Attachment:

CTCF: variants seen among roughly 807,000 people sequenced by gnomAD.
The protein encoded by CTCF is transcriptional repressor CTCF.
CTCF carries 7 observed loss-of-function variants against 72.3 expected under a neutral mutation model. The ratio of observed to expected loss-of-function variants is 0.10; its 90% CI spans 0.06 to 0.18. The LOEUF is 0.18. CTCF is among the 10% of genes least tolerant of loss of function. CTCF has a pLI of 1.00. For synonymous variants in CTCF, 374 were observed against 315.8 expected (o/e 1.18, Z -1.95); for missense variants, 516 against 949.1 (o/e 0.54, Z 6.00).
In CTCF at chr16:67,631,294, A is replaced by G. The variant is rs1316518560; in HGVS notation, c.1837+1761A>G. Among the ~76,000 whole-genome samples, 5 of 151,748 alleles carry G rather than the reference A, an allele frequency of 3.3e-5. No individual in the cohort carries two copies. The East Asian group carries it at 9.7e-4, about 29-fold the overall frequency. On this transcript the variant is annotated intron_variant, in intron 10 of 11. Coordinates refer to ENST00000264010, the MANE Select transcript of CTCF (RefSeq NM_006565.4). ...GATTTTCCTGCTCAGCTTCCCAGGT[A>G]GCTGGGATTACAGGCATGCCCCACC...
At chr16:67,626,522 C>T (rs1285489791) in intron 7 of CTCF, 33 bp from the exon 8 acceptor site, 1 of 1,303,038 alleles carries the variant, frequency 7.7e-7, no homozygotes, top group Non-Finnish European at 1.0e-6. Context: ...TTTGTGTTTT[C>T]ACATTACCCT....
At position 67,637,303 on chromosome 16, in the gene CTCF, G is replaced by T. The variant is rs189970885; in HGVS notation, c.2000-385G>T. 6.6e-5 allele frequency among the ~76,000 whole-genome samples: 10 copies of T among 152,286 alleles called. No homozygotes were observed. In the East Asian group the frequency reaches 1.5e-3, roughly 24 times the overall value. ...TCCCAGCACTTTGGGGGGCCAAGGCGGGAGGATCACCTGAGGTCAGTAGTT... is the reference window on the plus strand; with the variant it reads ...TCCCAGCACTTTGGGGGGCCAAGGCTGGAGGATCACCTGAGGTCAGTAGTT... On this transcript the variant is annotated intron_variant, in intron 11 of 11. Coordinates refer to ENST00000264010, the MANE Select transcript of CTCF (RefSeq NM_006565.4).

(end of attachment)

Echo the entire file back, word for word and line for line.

CTCF: variants seen among roughly 807,000 people sequenced by gnomAD.
The protein encoded by CTCF is transcriptional repressor CTCF.
CTCF carries 7 observed loss-of-function variants against 72.3 expected under a neutral mutation model. The ratio of observed to expected loss-of-function variants is 0.10; its 90% CI spans 0.06 to 0.18. The LOEUF is 0.18. CTCF is among the 10% of genes least tolerant of loss of function. CTCF has a pLI of 1.00. For synonymous variants in CTCF, 374 were observed against 315.8 expected (o/e 1.18, Z -1.95); for missense variants, 516 against 949.1 (o/e 0.54, Z 6.00).
In CTCF at chr16:67,631,294, A is replaced by G. The variant is rs1316518560; in HGVS notation, c.1837+1761A>G. Among the ~76,000 whole-genome samples, 5 of 151,748 alleles carry G rather than the reference A, an allele frequency of 3.3e-5. No individual in the cohort carries two copies. The East Asian group carries it at 9.7e-4, about 29-fold the overall frequency. On this transcript the variant is annotated intron_variant, in intron 10 of 11. Coordinates refer to ENST00000264010, the MANE Select transcript of CTCF (RefSeq NM_006565.4). ...GATTTTCCTGCTCAGCTTCCCAGGT[A>G]GCTGGGATTACAGGCATGCCCCACC...
At chr16:67,626,522 C>T (rs1285489791) in intron 7 of CTCF, 33 bp from the exon 8 acceptor site, 1 of 1,303,038 alleles carries the variant, frequency 7.7e-7, no homozygotes, top group Non-Finnish European at 1.0e-6. Context: ...TTTGTGTTTT[C>T]ACATTACCCT....
At position 67,637,303 on chromosome 16, in the gene CTCF, G is replaced by T. The variant is rs189970885; in HGVS notation, c.2000-385G>T. 6.6e-5 allele frequency among the ~76,000 whole-genome samples: 10 copies of T among 152,286 alleles called. No homozygotes were observed. In the East Asian group the frequency reaches 1.5e-3, roughly 24 times the overall value. ...TCCCAGCACTTTGGGGGGCCAAGGCGGGAGGATCACCTGAGGTCAGTAGTT... is the reference window on the plus strand; with the variant it reads ...TCCCAGCACTTTGGGGGGCCAAGGCTGGAGGATCACCTGAGGTCAGTAGTT... On this transcript the variant is annotated intron_variant, in intron 11 of 11. Coordinates refer to ENST00000264010, the MANE Select transcript of CTCF (RefSeq NM_006565.4).